Teachers observe teachers to improve education

Megan Pavlik

With plans to expand to next year, the program Teachers Observing Teachers has commenced at Benilde-St. Margaret’s. Begun at the start of the 2010-2011 school year, the program has 10 teachers observing their fellow teachers in order to gain expertise from each other.

The observing is organized into cycles, which includes a pre-conversation, an observation session, and ends with a conversation about what happened in the classroom. “[The teachers will] talk about what the person being observed wants to get out of it, so if there is something in particular that the teacher wants the observer to watch for, then they say, I’m really focusing on this technique or I’m really trying to get a handle on this idea or concept,” said Mr. Pohlen, who organized the program and used to be a teacher.

The 10 teachers who observe were selected at the beginning of the year, and the other teachers get the chance to pick four they would be most comfortable with having observe their classroom. The program is not designed for the teachers to rate each other, but for the teachers to gain knowledge and new techniques in order to improve their teaching skills. “I found it very simple talking to Mr. Hoemke [my observer]. He came in to observe, and we had a nice talk after, and he gave me some suggestions. In some ways it’s less intimidating having another teacher, because they know what other students are like ,” said Sister Jeanne, who has been observed.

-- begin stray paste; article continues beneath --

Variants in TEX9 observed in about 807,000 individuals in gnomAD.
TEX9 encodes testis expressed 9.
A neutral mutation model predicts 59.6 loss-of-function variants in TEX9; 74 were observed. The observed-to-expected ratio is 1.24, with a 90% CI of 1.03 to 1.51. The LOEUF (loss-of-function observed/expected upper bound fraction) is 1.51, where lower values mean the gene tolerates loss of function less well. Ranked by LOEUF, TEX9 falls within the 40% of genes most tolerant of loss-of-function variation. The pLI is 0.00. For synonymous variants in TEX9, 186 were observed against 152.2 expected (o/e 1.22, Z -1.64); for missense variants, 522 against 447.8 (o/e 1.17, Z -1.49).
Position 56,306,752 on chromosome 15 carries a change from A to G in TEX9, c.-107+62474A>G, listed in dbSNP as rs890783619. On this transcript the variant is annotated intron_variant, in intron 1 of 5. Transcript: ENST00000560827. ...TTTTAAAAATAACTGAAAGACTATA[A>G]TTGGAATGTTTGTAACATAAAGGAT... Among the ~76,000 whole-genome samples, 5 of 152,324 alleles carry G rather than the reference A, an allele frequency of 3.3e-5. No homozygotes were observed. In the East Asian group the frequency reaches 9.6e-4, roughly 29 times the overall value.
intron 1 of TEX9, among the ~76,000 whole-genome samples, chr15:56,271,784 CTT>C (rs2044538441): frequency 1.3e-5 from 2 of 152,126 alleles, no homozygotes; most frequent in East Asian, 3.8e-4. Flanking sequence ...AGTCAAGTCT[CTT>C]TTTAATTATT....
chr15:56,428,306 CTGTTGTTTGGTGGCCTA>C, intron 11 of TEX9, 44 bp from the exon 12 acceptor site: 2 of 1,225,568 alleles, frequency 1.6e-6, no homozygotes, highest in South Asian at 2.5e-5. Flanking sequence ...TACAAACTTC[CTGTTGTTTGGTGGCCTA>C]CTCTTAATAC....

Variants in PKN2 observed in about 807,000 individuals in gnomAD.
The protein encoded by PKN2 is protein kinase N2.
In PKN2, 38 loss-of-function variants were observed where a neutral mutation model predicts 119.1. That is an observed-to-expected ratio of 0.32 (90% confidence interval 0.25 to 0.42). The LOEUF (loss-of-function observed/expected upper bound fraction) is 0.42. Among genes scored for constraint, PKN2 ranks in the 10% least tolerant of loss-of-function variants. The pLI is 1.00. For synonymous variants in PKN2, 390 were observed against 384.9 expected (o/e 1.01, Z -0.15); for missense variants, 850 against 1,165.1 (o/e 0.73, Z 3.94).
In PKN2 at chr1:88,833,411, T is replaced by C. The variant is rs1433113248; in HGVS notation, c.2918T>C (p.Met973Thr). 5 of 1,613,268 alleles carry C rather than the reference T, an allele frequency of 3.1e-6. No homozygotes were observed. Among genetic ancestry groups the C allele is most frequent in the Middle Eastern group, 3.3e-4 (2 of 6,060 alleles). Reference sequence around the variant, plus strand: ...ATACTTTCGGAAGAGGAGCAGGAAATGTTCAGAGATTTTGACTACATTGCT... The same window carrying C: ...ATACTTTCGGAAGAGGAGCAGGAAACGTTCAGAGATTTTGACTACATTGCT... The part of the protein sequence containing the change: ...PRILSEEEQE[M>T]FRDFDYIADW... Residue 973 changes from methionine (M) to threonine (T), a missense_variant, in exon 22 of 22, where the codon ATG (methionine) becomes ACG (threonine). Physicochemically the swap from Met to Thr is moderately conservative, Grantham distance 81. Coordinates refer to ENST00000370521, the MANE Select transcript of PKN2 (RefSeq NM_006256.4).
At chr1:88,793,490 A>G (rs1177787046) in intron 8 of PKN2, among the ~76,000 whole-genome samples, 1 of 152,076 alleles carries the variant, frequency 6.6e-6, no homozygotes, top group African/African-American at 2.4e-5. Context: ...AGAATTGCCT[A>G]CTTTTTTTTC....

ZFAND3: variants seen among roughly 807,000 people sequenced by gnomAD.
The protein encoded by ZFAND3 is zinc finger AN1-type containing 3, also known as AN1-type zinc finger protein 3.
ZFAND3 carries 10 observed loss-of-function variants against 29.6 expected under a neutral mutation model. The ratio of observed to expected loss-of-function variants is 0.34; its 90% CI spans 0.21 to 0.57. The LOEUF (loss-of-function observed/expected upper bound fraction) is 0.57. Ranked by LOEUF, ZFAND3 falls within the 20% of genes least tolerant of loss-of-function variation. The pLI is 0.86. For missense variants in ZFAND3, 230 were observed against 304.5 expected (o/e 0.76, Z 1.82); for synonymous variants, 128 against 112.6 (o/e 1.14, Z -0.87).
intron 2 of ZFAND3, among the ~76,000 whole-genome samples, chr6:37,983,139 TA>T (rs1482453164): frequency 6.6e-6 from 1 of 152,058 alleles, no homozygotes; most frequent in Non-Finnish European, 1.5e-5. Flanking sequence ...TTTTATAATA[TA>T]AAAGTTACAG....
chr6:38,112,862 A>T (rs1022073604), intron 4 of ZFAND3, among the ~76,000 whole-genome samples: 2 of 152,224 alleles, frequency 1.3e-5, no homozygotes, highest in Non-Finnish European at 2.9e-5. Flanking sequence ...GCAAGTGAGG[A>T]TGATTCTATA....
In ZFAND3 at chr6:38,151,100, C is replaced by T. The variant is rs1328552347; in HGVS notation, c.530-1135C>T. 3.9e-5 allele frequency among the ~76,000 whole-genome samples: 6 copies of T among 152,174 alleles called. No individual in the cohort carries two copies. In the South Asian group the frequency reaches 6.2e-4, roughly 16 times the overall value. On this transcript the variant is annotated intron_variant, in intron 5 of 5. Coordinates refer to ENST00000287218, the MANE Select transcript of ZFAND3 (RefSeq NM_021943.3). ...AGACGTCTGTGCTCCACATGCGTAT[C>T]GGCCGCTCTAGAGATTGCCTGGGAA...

The program allows other teachers to gain a different perspective into different teaching styles. “One of the biggest things is it’s an opportunity for teachers to communicate and gain expertise from each other. It’s not a system where one teacher is better than the other, or one teacher somehow knows more than another––it’s a chance to share expertise. The people observing are getting just as much out of it as the people being observed, and in some cases more,” said Mr. Pohlen.

To gain more knowledge, the teachers would not only observe other teachers in their subject, but they also observe teachers in opposite departments. “It’s amazing what you can learn from departments other than your own, because you’ve always kind of known what goes on in [your subject], but when you start to see how other people manage their classroom or approach a topic, you sometimes learn something that’s applicable and useful in your own field,” said Mr. Pohlen.

Not only is the program crossing departments, but they are also crossing the senior and junior high. “Were cutting across Senior High and Junior High too which is kind of nice, I like it. So the [mentor teachers] are looking at high school teachers as well as junior high teachers. A lot of it is teachers looking at how teachers teach, looking at the style rather than if I know my stuff,” said Sister Jeanne.

Next year the plan is to extend the program to become a daily occurrence with the newly allotted time due to schedule changes. “Next year we’re trying to carve out time in the teachers’ day where not only someone would come and watch them, but that everybody would have a chance to go and watch lots of other teachers too [in order to] to create [more] opportunities for sharing expertise,” said Mr. Pohlen.

 

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